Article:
Immediate priorities

  • Close the most notorious prisons where egregious human rights violations have occurred.
  • Place all prisons under civilian rather than military control, and under the authority of the Ministry of Justice.

First few months

  • Conduct a prison infrastructure assessment to determine requirements for immediate and long-term repair of facilities.
  • Dedicate an emergency budget to rehabilitate prisons so as to meet basic international human rights standards (see below).

b) Avert the release or escape of serious criminals.

Prior to transition

  • Work with current prison officials who oppose the regime on how to avert the release of serious criminals.
  • Obtain a list of prisoners convicted of serious crimes and identify the most dangerous.
  • Determine where the most serious criminals are being held (e.g., two wings of the prison in Central Damascus).
  • Develop a plan to prevent the escape of serious criminals in the initial chaos of regime collapse.

Immediate priorities

  • Enact the plan to prevent the escape of serious criminals, including the guarding of prisons when regime forces flee.
  • Safeguard prison records. If serious criminals do escape or are released, records will facilitate their recapture.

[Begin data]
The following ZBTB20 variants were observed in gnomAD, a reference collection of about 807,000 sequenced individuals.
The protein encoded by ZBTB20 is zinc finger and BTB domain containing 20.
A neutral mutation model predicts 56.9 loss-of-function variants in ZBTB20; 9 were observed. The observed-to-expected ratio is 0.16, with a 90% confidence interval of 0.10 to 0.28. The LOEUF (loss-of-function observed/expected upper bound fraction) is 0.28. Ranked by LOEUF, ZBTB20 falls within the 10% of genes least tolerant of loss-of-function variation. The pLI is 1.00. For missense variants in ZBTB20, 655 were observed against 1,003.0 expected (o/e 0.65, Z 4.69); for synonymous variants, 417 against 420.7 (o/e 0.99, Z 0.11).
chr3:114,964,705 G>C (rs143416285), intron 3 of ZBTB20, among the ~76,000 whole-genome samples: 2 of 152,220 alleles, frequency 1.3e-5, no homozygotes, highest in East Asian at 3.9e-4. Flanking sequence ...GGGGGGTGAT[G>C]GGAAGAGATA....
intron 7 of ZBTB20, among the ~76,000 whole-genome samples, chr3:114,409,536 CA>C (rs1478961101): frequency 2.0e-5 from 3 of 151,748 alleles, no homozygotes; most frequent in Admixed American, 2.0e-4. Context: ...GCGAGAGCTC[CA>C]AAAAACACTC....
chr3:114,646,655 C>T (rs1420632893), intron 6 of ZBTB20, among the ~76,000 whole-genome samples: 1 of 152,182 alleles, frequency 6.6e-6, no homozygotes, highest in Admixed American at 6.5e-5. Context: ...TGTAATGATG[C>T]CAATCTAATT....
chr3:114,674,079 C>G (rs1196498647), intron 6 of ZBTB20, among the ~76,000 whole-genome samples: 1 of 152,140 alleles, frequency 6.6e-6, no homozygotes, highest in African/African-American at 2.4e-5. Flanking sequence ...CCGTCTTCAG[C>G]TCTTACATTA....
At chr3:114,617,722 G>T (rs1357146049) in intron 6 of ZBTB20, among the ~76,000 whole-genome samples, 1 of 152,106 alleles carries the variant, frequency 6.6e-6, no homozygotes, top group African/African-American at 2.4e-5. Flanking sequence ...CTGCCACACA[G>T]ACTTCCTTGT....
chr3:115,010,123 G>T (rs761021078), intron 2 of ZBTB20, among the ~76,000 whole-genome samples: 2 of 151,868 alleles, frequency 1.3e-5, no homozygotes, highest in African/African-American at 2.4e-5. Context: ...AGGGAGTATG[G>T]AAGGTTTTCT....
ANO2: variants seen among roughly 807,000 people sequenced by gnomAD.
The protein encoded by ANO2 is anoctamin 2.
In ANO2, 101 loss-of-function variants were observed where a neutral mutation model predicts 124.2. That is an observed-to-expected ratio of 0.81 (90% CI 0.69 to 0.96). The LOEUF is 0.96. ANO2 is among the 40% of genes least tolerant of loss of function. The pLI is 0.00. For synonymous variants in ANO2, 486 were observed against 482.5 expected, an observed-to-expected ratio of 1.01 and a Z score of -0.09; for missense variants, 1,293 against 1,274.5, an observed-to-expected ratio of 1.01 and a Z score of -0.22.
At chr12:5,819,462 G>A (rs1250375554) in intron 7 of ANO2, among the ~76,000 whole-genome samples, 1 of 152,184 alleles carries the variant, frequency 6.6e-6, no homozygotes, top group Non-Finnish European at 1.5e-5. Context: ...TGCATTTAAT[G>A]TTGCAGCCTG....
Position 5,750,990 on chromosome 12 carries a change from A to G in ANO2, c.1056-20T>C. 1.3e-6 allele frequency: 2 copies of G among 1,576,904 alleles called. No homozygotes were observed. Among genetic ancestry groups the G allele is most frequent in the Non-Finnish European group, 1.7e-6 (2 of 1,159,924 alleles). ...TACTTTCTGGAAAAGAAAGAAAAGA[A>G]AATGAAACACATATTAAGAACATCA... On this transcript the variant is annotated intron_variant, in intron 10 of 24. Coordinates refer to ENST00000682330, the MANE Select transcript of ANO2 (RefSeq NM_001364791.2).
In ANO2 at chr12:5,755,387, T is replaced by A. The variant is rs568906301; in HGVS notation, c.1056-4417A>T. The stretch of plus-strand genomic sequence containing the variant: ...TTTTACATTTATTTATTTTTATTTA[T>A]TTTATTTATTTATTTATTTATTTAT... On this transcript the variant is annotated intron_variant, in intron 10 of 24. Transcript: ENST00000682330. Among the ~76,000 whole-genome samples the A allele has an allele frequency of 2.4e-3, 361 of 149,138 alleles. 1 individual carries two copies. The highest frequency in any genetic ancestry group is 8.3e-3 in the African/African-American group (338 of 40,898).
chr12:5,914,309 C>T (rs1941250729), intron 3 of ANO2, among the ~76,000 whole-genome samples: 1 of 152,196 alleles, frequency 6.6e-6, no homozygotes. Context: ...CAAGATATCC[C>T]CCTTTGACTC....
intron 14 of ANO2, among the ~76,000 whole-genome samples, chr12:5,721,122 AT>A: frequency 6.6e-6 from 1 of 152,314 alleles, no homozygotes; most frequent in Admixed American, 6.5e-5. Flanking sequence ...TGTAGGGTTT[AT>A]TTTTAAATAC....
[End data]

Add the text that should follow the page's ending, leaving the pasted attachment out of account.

First few months

  • If serious criminals are released by the Assad regime, consider offering incentives (such as reduced prison sentences) for them to hand themselves in.

c) Release political prisoners.

Prior to transition

  • Create a comprehensive list of political prisoners. Gather information from existing networks (e.g., Local Coordinating Committees), reports by local and international non-governmental organizations, and the families of political prisoners. Compile contact information of families, so release of political prisoners can be communicated to them directly and immediately.
  • Prepare to assemble Detention Review Teams. They should include a reputable judge, prosecutor, lawyer, and civil society representatives.

Immediate priorities

  • Send Detention Review Teams to each of the prisons and places of detention identified to release political prisoners, using the lists of political prisoners compiled. If an individual is not on the list but may be a political prisoner, the Detention Review Team will review the criminal record or file and interview the individual to determine release.